Jason Coppola reports: Suicide arrives in waves on Pine Ridge Indian Reservation.
On Christmas Day, a 15-year-old Lakota girl took her own life. Soon afterward, a boy, just 14, took his.
Since then, a young man and six more girls, one as young as 12, have followed as this current wave continues to swell. There have been numerous additional attempts in the last few months on this South Dakota reservation of about 28,000 people.
The rate of suicide among Native youth in the United States is more than three times the national average. Very often that rate climbs even higher.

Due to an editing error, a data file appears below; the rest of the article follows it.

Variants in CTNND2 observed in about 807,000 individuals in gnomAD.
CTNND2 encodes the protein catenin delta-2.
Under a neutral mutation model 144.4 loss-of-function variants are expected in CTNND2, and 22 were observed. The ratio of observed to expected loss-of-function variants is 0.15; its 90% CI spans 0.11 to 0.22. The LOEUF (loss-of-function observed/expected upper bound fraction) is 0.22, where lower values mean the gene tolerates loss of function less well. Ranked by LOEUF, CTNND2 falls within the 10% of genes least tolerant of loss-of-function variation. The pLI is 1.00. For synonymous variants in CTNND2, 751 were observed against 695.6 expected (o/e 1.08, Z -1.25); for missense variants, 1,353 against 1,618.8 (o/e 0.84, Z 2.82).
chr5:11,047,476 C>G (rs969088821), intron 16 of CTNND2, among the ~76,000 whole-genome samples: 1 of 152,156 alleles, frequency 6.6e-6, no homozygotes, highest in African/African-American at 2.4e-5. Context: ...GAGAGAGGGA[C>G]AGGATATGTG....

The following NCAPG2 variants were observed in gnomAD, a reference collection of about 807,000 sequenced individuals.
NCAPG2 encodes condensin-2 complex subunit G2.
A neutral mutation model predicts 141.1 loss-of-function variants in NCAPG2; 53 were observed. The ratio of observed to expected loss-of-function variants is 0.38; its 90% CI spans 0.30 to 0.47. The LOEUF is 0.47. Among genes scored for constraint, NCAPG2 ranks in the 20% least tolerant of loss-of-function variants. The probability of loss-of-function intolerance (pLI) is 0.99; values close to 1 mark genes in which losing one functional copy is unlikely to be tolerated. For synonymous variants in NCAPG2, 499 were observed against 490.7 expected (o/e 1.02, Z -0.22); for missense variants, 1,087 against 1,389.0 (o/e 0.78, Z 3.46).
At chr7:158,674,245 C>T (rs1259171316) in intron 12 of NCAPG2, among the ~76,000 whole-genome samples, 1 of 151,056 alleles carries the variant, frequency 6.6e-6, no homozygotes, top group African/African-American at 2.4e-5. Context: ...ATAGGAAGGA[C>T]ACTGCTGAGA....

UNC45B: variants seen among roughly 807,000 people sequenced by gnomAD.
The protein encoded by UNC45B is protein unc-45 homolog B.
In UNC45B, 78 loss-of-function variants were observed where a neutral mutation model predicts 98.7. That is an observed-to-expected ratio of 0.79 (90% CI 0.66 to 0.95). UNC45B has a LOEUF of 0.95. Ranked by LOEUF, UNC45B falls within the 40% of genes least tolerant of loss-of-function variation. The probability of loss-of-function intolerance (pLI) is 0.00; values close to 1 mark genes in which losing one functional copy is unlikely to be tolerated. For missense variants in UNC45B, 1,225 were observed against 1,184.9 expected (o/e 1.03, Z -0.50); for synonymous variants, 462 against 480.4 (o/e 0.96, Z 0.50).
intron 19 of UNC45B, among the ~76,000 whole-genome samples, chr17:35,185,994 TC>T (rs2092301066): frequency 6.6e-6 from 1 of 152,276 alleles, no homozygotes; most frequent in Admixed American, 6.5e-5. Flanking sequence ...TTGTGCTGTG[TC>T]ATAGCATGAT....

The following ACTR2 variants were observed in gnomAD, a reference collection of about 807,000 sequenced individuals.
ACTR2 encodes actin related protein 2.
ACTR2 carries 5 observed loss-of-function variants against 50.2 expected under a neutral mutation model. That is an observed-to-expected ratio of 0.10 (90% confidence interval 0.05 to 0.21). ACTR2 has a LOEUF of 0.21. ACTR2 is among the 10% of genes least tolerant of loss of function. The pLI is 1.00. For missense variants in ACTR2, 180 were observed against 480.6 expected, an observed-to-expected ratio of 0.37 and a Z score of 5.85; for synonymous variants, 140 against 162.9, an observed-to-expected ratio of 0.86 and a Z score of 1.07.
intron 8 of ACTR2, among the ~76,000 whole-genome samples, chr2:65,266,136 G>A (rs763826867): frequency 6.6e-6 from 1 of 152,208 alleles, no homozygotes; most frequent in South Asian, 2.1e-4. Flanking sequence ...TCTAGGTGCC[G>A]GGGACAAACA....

In March 2010, then president of the Oglala Sioux Tribe, Theresa Two Bulls declared a suicide state of emergency after a rise in the number of suicides. Current President John Yellow Bird Steele has now declared one yet again.
There are many difficult issues facing the Oglala Lakota people of Pine Ridge. Stories about alcohol and drug abuse, poverty and depression attract much attention. But to some, these are just parts of a much larger picture.
“I think of suicide in Native communities as an extension of the genocide that occurred against Indigenous peoples starting back in 1492,” said Ruth Hopkins, a chief tribal judge for the Spirit Lake Nation, and tribal judge for the Yankton Sioux and Crow Creek Sioux Tribe. “And I think there’s evidence to show that it’s still continuing to this day.” [Continue reading…]